While the history of the Somali people stretches back into antiquity, they became one of the first non-Arab people to embrace Islam. As a result, even today, Somalis are almost wholly Sunni Muslims. But our story really starts in the 19th century with the arrival of European colonialism. This would see the areas inhabited by Somalis come under three imperial powers. In the north, France took control of what is today Djibouti. Britain ruled Somaliland and Kenya. Meanwhile, much of today’s Somalia fell under Italian rule. This lasted until the start of decolonization after the Second World War. On June 26, 1960, the British Somaliland  Protectorate became independent. Just days later, on July 1, 1960, the Italian-administered trust territory of Somaliland also gained independence. And at this point, the two parts merged to form the Somali Republic. 

Somalia’s Collapse and the Emergence of Somaliland

Although the joint state was welcomed as a step towards the unification of  the Somali people, problems quickly emerged. Aside from broader clan tensions, in 1961 Somaliland, which saw itself as an equal partner in the republic, was downgraded—thus feeding Isaaq discontent. Then, in October 1969, the country’s president was assassinated, leading to a military coup that installed the commander of the army, General Mohamed Siad Barre, as head of state. Aligning Somalia with the Soviet Union, the new military regime abolished the constitution, banned political parties, and began  trying to break the power of the clans. At the same time, it pursued a nationalist agenda.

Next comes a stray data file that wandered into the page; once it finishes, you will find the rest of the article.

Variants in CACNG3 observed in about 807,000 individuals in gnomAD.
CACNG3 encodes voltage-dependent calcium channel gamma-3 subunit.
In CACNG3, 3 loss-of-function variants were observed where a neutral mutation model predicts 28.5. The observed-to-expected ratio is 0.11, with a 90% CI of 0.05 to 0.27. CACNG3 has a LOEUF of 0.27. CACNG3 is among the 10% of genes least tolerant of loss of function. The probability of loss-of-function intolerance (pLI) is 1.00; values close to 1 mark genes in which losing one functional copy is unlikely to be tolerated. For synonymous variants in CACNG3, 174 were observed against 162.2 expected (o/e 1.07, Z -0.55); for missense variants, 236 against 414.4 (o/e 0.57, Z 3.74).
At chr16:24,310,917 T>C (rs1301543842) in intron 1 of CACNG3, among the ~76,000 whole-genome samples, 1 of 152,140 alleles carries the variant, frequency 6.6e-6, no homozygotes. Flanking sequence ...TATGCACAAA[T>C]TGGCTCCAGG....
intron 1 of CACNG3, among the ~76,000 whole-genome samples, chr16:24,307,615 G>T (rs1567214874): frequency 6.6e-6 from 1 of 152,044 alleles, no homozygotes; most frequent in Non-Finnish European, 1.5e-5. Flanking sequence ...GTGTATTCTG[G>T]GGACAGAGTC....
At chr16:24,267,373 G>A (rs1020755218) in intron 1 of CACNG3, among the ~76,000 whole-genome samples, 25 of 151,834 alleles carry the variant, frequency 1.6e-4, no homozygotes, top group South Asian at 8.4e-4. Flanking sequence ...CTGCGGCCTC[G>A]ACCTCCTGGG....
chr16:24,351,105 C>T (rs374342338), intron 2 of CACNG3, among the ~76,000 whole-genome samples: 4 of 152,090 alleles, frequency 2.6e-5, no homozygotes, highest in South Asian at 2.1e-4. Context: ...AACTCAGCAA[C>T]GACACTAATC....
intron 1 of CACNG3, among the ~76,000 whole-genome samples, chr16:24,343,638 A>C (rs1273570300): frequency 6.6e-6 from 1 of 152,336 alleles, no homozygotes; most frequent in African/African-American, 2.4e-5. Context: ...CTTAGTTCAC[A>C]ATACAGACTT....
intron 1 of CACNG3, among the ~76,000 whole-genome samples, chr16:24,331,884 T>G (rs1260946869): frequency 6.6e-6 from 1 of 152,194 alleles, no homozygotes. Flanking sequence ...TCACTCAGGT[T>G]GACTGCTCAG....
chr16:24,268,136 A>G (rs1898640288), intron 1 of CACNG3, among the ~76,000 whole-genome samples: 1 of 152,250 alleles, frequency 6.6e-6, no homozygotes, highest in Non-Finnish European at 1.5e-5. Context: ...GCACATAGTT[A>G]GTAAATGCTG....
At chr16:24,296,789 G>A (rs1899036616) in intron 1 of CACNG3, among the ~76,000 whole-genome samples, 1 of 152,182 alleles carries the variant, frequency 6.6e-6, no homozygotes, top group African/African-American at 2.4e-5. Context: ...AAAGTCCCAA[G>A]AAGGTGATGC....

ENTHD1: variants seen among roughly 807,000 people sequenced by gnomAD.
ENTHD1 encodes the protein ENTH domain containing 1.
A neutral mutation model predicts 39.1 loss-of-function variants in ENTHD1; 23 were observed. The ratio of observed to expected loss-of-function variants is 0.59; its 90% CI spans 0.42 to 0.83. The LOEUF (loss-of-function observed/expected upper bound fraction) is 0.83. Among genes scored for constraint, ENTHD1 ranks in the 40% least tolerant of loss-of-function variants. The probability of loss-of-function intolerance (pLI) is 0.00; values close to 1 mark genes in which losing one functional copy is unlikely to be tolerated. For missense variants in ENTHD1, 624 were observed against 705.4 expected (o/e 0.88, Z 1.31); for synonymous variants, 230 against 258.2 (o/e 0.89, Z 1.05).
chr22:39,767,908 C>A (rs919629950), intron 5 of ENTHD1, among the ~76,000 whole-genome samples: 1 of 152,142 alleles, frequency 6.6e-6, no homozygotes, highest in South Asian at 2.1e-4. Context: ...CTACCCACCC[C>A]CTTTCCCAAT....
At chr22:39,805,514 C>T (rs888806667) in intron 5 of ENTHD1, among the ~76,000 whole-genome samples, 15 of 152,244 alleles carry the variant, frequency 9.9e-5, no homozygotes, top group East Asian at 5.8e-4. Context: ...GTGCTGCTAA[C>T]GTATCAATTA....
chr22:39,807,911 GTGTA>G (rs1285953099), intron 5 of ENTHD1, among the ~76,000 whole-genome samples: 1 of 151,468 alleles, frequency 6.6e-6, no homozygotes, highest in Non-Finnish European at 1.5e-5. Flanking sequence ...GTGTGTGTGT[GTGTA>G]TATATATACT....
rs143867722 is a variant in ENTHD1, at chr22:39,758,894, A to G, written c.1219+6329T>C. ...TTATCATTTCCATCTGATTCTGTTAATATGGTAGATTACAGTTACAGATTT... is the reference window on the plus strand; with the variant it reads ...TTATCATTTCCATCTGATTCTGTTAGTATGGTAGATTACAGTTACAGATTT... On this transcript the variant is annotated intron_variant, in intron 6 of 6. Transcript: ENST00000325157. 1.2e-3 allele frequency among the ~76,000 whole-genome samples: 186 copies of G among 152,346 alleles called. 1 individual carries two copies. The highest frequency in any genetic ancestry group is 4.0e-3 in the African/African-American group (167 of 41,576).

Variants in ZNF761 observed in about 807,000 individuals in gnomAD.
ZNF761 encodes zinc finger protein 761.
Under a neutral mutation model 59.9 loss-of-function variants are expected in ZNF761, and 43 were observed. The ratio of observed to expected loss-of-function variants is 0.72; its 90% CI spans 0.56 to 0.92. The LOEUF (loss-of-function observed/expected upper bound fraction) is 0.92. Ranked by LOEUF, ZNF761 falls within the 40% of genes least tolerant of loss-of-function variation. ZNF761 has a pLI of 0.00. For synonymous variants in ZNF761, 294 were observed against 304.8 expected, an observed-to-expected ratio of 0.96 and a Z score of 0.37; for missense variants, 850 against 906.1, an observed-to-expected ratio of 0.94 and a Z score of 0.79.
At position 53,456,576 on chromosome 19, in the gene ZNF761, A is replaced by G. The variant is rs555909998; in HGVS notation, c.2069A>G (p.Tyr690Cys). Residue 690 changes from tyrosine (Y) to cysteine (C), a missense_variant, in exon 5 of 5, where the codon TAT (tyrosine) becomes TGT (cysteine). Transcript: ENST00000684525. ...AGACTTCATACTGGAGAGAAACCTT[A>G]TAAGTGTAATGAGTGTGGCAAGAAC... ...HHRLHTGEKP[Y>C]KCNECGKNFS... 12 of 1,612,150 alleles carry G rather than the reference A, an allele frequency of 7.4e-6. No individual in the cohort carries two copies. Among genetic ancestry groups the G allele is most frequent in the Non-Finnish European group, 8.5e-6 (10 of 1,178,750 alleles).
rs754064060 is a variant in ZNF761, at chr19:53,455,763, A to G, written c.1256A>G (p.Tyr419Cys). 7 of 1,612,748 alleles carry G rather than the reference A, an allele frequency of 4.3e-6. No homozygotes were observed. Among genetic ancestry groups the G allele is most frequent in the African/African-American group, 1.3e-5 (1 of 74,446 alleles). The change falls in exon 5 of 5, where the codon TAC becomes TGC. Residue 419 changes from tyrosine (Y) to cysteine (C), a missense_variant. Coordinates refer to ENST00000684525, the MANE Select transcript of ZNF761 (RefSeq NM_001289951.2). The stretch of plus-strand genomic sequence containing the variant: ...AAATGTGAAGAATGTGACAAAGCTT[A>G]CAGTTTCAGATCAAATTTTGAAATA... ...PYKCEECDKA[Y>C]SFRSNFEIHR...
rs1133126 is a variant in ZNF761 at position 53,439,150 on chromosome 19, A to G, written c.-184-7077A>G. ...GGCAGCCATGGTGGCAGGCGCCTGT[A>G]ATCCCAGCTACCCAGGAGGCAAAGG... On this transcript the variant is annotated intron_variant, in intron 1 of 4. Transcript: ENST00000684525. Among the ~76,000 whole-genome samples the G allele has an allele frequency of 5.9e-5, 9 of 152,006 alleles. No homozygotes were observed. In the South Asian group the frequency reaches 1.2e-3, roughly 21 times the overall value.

Calling for the unification of all Somali people within Somalia, in July 1977 Somali forces invaded eastern Ethiopia. However, the Ogadan War, as it was known, was a disaster. Somalia was heavily defeated when Moscow supported Ethiopia, which was also under a Marxist military government. While Siad Barre now switched allegiance to the United States, the war undermined his power. Over the next decade, opposition to his regime grew, especially in the Isaaq-dominated north, which bore the brunt of what became exceedingly brutal government reprisals. Despite this, in January 1991 Siad Barre was finally overthrown and fled the country. While many hoped this would bring peace to Somalia, factionalism now grew and very quickly the state disintegrated. And it was at this point that Somaliland seized the opportunity to reclaim its statehood. On May 18, 1991, it unilaterally declared independence within the borders of British-controlled Somaliland. However, it has never been recognized by any UN members.